How fashion became all the Vogue in China

Updated: 2011-12-17 11:18

By Lu Chang (China Daily)

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How fashion became all the Vogue in China

Cao Weiming, managing director of Conde Nast China. [Photo / Provided to China Daily]

BEIJING - Cao Weiming, managing director of Conde Nast China, the publisher of the Chinese edition of Vogue and other lifestyle magazines, said behind the glossy cover of Vogue are years of hard work and perseverance. He said one major hindrance for foreign media companies is a lack of understanding of the local culture, regulations and how things operate in China.

"In emerging markets like China, the magazine market developed very quickly and will continue to be strong with increasing ad sales on the magazine platform, but it's also a market with risks and challenges," said the 47-year-old.

In China, overseas media groups are required to find a local partner to publish their magazines in the domestic market, according to the General Administration of Press and Publication (GAPP), which regulates the media industry.

Several Chinese publishers have worked with a number of foreign magazines to help them get a Chinese publishing license.

One major aspect that many foreign magazines overlook is, surprisingly, content.

"There is the issue of cultural differences. The same story used in the US version of Vogue may be very inappropriate in China and against common sense here," he said. "But many foreign groups don't understand that. In the end, those with perseverance and better understanding of the local market are squeezed inside, but those without appropriate knowledge were just kicked out of the game."

Throughout most of the 1990s, while many foreign fashion magazines were testing the market in China, Conde Nast took time to study the market, undertaking three years of research and talent recruitment before launching Vogue.

When the magazine was launched in China in 2005, the company invested its own money rather than finding a third party to operate and take care of the distribution. It worked with China Pictorial, a Beijing-based publisher, to publish the magazine, although the local company did not get involved in Conde Nast's operations.

"We prefer this kind of copyright cooperation because it can guarantee the quality of the magazine and, of course, comes with a higher financial return," said Cao. "Actually when Vogue hit the Chinese newsstands, it raised the bar for the whole Chinese publishing world because (it) is so well-designed with clear layout, beautiful photos and nice paper."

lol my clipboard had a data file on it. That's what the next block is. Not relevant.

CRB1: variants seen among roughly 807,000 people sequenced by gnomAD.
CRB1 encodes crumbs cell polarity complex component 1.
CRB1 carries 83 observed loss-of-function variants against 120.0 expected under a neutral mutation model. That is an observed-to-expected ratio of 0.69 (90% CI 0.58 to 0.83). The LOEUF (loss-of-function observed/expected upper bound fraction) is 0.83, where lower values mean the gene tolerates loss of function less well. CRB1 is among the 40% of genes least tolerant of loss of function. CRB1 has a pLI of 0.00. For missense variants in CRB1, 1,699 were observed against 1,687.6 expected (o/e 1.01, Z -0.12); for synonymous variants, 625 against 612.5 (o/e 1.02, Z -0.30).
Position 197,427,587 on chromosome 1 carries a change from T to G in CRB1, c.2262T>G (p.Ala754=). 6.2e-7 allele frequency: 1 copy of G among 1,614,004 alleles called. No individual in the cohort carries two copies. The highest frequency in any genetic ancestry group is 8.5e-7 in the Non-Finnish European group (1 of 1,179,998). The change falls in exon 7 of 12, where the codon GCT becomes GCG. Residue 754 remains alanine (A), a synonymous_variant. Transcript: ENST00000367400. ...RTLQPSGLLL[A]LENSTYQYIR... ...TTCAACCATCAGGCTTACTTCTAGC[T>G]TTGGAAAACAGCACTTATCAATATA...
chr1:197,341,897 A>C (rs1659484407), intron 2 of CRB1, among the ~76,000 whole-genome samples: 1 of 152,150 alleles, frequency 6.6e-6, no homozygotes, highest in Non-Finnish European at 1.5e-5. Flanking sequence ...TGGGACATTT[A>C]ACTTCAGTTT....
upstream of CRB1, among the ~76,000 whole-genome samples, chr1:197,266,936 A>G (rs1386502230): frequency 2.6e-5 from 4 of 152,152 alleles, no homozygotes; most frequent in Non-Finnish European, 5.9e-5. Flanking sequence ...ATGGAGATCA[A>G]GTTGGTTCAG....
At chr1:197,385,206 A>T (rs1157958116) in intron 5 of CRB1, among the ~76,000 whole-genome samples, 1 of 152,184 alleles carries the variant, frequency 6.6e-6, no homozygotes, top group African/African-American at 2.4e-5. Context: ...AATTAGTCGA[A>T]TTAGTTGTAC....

In 2011, the Chinese edition of Vogue ranked third among Conde Nast's international editions in 15 countries in terms of revenue. After the debut of Vogue, the US-based company also introduced other titles including Self, GQ and Architectural Digest. The company has expanded its presence in the country every two years.

Cao said it will take at least five years or more for some of the magazines to generate a profit.

"What Conde Nast is looking at is not just market share, but also how to help its Chinese magazines emerge on the global stage," he said.

However, he's confident about the huge growth potential for fashion magazines in the country because "the Chinese way of living is changing all the time with the accumulating wealth and strong purchasing power. People are paying more attention to their social lives and getting increasingly accustomed to a luxury lifestyle.

"Fashion magazines will continue to prosper in China in the coming years, even as the publishing industry suffers in the US and Europe amid widespread Internet readership. The driving force is the strong consumption of luxury goods which encourages a lot of international cosmetic and skin-care companies to advertise in the magazines," he said.

According to a report by CTR, a media market research company, ad revenue in the magazine industry jumped 20 percent to $2.37 billion in 2010.

"But fashion is still a new concept in China and people's knowledge still lags far behind compared with the readership in the US, France and Italy," Cao said.

"In France, people buy five or six fashion magazines, but in China, the average consumption may be one or two copies, and that offers great room for further growth. With more foreign companies tapping into the market, it will become more sophisticated."

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